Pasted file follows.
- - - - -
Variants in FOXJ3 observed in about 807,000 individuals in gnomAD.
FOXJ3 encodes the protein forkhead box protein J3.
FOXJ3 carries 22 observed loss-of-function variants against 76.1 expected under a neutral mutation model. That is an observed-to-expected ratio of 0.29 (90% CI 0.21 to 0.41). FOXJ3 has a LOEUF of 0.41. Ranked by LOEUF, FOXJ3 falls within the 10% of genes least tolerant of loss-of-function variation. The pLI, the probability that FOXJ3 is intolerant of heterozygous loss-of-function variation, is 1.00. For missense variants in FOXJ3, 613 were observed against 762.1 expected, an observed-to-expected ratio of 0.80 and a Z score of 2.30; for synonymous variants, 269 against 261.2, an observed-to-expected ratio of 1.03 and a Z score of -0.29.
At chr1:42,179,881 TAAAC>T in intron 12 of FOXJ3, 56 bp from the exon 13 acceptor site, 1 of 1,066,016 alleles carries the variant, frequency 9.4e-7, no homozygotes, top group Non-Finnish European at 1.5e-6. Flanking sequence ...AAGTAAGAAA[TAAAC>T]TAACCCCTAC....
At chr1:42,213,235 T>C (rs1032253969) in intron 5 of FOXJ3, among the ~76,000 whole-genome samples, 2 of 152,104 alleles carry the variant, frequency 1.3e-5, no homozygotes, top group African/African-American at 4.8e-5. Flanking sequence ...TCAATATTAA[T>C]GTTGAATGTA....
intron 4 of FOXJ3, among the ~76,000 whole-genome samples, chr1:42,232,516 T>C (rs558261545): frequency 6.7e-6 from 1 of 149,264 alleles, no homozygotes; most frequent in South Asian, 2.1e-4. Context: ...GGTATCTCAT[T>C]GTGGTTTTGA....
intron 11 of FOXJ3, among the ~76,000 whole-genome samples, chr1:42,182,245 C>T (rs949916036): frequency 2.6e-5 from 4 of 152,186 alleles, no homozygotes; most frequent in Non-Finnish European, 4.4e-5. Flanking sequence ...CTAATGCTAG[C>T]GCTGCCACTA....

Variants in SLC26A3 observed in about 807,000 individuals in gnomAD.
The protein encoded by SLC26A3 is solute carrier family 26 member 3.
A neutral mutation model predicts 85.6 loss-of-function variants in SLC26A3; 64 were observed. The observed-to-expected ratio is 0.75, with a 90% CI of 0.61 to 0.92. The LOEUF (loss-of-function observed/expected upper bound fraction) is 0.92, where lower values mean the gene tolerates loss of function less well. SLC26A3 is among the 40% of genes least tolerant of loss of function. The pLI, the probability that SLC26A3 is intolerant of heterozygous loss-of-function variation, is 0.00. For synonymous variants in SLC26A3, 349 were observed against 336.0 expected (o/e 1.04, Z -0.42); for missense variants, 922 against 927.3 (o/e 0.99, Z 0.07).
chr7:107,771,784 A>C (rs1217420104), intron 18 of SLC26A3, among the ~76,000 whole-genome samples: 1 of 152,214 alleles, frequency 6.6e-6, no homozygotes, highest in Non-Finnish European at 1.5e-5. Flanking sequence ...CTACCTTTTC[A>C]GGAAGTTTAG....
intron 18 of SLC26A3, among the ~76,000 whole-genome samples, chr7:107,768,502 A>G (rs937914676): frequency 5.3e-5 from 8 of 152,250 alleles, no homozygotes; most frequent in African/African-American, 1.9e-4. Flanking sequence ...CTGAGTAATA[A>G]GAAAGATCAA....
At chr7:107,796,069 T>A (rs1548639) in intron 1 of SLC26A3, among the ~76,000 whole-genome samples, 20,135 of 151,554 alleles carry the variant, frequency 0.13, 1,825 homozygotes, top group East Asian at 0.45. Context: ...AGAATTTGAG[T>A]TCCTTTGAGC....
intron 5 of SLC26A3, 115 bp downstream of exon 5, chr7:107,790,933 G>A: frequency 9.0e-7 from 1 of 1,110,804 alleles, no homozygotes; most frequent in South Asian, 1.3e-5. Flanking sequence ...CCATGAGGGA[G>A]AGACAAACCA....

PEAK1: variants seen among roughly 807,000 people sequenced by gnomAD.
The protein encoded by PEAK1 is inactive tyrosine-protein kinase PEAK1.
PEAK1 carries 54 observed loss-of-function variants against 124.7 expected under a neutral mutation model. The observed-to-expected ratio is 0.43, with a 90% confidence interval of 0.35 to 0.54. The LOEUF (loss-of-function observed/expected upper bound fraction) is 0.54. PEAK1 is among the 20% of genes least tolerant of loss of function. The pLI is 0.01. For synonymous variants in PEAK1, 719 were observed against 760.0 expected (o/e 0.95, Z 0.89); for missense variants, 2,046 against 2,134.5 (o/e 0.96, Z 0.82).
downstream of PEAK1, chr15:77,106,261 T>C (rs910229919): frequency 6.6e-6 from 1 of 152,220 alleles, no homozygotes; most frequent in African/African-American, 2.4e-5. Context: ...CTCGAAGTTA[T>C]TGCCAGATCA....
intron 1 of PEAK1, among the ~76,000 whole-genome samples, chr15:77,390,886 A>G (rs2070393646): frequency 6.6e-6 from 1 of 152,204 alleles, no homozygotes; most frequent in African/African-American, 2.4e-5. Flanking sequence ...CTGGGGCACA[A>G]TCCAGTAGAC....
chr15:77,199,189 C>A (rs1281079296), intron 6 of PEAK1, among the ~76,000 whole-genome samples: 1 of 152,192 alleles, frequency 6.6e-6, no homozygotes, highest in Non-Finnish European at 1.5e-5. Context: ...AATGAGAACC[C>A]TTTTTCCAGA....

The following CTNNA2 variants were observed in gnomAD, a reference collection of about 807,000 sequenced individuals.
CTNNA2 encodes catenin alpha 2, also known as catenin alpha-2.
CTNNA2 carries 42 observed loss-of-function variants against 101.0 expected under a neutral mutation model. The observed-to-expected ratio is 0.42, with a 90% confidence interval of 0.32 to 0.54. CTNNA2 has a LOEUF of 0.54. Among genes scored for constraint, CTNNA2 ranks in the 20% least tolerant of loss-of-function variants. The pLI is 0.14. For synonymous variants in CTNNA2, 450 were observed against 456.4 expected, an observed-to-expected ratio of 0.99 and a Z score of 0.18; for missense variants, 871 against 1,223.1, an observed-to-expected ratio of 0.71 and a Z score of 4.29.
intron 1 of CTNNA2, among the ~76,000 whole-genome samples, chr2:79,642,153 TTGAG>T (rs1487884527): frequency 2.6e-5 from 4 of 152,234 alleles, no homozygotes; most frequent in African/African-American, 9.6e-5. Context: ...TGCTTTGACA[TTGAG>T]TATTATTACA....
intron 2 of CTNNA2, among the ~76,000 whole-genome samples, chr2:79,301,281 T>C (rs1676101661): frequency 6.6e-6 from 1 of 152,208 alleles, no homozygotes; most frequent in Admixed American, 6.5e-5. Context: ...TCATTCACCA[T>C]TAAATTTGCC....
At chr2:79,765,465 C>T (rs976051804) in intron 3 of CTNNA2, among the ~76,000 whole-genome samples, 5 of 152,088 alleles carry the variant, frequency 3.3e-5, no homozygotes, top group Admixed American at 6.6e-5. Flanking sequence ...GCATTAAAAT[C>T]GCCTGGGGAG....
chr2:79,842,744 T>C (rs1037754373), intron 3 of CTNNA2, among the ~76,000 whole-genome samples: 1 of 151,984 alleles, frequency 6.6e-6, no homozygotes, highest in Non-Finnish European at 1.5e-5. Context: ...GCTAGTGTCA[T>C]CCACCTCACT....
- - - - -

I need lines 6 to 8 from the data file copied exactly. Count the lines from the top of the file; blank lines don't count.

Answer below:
intron 4 of FOXJ3, among the ~76,000 whole-genome samples, chr1:42,232,516 T>C (rs558261545): frequency 6.7e-6 from 1 of 149,264 alleles, no homozygotes; most frequent in South Asian, 2.1e-4. Context: ...GGTATCTCAT[T>C]GTGGTTTTGA....
intron 11 of FOXJ3, among the ~76,000 whole-genome samples, chr1:42,182,245 C>T (rs949916036): frequency 2.6e-5 from 4 of 152,186 alleles, no homozygotes; most frequent in Non-Finnish European, 4.4e-5. Flanking sequence ...CTAATGCTAG[C>T]GCTGCCACTA....

Variants in SLC26A3 observed in about 807,000 individuals in gnomAD.